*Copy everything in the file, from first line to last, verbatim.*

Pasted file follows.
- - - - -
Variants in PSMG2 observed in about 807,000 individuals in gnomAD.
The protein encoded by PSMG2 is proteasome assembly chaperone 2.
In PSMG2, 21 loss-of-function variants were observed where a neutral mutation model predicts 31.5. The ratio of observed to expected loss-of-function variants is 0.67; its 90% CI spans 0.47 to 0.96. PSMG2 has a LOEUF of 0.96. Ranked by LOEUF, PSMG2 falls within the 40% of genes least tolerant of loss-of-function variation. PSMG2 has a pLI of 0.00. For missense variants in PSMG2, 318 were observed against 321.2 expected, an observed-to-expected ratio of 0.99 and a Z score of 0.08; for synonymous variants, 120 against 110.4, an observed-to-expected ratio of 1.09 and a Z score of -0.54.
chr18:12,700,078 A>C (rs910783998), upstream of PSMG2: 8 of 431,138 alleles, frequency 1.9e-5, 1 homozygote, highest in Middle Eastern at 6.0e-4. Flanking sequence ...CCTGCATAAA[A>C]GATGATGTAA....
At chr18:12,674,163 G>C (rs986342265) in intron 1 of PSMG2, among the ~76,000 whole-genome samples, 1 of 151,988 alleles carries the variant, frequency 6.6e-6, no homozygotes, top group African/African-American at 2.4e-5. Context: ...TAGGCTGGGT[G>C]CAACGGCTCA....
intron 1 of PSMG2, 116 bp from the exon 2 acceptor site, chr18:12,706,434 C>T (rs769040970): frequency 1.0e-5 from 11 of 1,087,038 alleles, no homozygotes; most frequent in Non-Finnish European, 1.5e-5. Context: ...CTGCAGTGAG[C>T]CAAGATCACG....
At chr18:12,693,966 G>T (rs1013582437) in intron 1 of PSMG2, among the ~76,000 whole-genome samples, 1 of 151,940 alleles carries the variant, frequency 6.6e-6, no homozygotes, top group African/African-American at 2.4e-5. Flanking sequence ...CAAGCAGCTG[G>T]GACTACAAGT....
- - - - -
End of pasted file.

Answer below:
Variants in PSMG2 observed in about 807,000 individuals in gnomAD.
The protein encoded by PSMG2 is proteasome assembly chaperone 2.
In PSMG2, 21 loss-of-function variants were observed where a neutral mutation model predicts 31.5. The ratio of observed to expected loss-of-function variants is 0.67; its 90% CI spans 0.47 to 0.96. PSMG2 has a LOEUF of 0.96. Ranked by LOEUF, PSMG2 falls within the 40% of genes least tolerant of loss-of-function variation. PSMG2 has a pLI of 0.00. For missense variants in PSMG2, 318 were observed against 321.2 expected, an observed-to-expected ratio of 0.99 and a Z score of 0.08; for synonymous variants, 120 against 110.4, an observed-to-expected ratio of 1.09 and a Z score of -0.54.
chr18:12,700,078 A>C (rs910783998), upstream of PSMG2: 8 of 431,138 alleles, frequency 1.9e-5, 1 homozygote, highest in Middle Eastern at 6.0e-4. Flanking sequence ...CCTGCATAAA[A>C]GATGATGTAA....
At chr18:12,674,163 G>C (rs986342265) in intron 1 of PSMG2, among the ~76,000 whole-genome samples, 1 of 151,988 alleles carries the variant, frequency 6.6e-6, no homozygotes, top group African/African-American at 2.4e-5. Context: ...TAGGCTGGGT[G>C]CAACGGCTCA....
intron 1 of PSMG2, 116 bp from the exon 2 acceptor site, chr18:12,706,434 C>T (rs769040970): frequency 1.0e-5 from 11 of 1,087,038 alleles, no homozygotes; most frequent in Non-Finnish European, 1.5e-5. Context: ...CTGCAGTGAG[C>T]CAAGATCACG....
At chr18:12,693,966 G>T (rs1013582437) in intron 1 of PSMG2, among the ~76,000 whole-genome samples, 1 of 151,940 alleles carries the variant, frequency 6.6e-6, no homozygotes, top group African/African-American at 2.4e-5. Flanking sequence ...CAAGCAGCTG[G>T]GACTACAAGT....